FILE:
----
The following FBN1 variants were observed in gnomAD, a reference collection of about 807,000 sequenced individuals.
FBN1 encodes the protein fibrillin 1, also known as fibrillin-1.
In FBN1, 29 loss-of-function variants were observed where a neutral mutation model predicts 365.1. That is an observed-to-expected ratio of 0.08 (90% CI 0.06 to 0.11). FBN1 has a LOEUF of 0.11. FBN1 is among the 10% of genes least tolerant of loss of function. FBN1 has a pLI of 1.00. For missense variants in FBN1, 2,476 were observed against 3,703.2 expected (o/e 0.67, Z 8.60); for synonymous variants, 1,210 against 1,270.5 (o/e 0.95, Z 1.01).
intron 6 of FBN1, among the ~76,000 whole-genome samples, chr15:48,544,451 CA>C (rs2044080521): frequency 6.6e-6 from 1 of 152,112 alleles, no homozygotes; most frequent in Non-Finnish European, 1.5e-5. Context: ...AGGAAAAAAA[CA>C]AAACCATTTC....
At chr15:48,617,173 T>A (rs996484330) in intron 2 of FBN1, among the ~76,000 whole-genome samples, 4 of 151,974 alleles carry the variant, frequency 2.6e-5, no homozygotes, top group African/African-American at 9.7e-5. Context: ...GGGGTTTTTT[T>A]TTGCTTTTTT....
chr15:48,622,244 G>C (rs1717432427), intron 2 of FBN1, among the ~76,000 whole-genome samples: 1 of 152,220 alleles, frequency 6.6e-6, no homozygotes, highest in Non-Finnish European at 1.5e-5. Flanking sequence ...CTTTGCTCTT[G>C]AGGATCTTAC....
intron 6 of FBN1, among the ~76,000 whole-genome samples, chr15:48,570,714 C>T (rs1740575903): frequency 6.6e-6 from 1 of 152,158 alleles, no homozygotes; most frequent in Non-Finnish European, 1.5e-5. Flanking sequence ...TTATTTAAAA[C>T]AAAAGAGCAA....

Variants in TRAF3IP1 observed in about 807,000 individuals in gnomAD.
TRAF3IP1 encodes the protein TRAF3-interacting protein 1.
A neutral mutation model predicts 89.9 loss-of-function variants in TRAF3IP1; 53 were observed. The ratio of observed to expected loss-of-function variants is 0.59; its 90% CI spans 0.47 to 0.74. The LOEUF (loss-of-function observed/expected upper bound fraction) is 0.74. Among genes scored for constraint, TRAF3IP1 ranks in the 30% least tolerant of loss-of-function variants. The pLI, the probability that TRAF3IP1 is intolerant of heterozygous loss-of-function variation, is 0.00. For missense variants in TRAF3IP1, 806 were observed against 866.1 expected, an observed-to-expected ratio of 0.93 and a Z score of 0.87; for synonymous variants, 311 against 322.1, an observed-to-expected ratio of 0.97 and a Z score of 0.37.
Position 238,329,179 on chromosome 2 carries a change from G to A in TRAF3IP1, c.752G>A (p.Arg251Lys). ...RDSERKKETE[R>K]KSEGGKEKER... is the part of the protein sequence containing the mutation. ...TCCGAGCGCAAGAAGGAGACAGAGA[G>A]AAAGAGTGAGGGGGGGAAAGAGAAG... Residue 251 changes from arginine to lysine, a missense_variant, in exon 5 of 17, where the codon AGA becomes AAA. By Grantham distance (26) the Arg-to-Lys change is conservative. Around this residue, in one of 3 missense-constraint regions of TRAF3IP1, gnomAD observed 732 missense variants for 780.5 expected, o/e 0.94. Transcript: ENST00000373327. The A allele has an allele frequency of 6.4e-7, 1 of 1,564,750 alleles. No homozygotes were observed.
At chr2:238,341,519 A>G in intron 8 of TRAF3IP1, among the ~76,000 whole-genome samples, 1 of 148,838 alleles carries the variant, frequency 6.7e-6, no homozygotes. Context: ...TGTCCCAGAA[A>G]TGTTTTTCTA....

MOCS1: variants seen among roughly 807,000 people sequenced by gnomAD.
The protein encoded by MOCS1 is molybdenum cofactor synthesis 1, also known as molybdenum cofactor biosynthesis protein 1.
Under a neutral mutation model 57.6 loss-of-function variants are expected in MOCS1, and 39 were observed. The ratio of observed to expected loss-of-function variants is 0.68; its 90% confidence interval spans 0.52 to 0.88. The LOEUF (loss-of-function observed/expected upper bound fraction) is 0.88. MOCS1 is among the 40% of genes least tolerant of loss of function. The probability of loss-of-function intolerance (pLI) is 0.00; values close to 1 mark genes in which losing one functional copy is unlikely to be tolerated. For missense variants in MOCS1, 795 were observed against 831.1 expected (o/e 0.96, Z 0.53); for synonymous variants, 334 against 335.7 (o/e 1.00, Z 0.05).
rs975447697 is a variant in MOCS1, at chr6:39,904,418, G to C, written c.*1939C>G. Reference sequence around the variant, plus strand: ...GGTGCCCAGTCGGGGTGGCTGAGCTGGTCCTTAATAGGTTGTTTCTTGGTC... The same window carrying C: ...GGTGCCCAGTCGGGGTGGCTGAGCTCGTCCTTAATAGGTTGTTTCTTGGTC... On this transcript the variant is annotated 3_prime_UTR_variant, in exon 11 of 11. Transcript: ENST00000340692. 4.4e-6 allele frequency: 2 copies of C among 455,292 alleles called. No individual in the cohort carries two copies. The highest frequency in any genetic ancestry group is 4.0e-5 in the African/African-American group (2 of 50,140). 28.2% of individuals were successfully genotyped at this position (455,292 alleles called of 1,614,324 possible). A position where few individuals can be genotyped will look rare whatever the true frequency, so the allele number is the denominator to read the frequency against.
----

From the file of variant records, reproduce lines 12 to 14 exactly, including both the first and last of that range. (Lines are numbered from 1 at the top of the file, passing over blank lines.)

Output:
At chr2:238,341,519 A>G in intron 8 of TRAF3IP1, among the ~76,000 whole-genome samples, 1 of 148,838 alleles carries the variant, frequency 6.7e-6, no homozygotes. Context: ...TGTCCCAGAA[A>G]TGTTTTTCTA....

MOCS1: variants seen among roughly 807,000 people sequenced by gnomAD.
The protein encoded by MOCS1 is molybdenum cofactor synthesis 1, also known as molybdenum cofactor biosynthesis protein 1.